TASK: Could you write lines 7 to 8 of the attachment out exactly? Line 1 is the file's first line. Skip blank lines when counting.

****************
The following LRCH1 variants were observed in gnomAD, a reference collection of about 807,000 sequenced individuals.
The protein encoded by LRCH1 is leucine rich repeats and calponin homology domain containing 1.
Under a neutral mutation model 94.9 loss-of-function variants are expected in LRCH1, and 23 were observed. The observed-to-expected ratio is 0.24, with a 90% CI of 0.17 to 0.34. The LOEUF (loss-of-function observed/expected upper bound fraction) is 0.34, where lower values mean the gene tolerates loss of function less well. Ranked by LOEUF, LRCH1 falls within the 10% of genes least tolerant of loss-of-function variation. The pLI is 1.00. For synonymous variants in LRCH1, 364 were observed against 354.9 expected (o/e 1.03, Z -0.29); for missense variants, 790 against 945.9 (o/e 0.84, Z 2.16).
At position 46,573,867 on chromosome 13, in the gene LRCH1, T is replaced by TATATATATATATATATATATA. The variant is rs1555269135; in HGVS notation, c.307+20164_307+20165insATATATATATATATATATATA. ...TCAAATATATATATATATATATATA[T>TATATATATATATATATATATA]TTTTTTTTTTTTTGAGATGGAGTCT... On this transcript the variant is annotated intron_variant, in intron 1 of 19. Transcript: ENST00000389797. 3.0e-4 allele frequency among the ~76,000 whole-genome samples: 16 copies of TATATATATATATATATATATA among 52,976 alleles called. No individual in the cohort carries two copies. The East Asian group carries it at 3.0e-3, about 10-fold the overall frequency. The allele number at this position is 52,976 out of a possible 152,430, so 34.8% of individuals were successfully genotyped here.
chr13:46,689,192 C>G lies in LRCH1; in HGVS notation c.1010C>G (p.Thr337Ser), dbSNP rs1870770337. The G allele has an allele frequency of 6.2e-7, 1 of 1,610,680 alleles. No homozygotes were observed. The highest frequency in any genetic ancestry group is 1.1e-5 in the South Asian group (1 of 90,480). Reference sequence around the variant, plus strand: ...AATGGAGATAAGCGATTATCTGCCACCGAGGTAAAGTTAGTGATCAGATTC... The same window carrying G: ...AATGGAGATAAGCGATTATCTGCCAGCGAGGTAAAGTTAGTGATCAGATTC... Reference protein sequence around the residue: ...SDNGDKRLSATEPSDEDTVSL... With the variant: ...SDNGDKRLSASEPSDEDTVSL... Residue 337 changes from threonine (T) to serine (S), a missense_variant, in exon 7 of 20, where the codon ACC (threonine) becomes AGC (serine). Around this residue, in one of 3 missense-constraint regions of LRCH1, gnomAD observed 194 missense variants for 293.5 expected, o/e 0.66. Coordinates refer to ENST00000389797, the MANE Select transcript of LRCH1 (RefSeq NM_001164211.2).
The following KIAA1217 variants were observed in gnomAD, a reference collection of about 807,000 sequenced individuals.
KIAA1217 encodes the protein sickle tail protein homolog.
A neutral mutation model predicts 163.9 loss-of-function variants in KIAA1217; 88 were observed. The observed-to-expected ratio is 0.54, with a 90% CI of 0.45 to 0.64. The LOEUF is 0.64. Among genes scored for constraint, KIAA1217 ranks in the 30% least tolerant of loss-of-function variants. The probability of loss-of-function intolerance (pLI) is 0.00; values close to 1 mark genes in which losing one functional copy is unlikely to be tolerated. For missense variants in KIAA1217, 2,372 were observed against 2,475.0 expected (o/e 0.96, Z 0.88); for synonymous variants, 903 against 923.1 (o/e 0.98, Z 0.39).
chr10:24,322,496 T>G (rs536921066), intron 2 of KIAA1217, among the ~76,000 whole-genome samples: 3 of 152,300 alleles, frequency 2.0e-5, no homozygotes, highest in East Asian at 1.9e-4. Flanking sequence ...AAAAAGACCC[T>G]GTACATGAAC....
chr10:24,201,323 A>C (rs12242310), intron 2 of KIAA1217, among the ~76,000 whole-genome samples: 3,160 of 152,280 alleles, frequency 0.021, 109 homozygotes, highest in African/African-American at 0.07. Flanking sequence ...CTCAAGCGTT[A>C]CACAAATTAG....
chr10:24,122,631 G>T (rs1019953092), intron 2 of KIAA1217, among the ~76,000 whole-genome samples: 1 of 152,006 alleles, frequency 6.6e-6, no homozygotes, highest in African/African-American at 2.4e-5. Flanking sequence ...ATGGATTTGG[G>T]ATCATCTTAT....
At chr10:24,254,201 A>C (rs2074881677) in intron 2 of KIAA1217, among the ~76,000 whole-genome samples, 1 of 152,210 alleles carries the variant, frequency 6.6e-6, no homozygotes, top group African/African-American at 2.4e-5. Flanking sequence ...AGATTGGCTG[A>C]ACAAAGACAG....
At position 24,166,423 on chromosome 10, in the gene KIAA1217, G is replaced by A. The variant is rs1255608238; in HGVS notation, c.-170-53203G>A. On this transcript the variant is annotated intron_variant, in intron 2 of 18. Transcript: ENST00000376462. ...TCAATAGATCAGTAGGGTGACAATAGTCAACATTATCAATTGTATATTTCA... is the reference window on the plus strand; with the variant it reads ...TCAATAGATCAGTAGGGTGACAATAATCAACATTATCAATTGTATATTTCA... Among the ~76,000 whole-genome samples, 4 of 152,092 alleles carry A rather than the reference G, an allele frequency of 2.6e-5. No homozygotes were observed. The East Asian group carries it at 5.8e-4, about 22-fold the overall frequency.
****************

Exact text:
KIAA1217 encodes the protein sickle tail protein homolog.
A neutral mutation model predicts 163.9 loss-of-function variants in KIAA1217; 88 were observed. The observed-to-expected ratio is 0.54, with a 90% CI of 0.45 to 0.64. The LOEUF is 0.64. Among genes scored for constraint, KIAA1217 ranks in the 30% least tolerant of loss-of-function variants. The probability of loss-of-function intolerance (pLI) is 0.00; values close to 1 mark genes in which losing one functional copy is unlikely to be tolerated. For missense variants in KIAA1217, 2,372 were observed against 2,475.0 expected (o/e 0.96, Z 0.88); for synonymous variants, 903 against 923.1 (o/e 0.98, Z 0.39).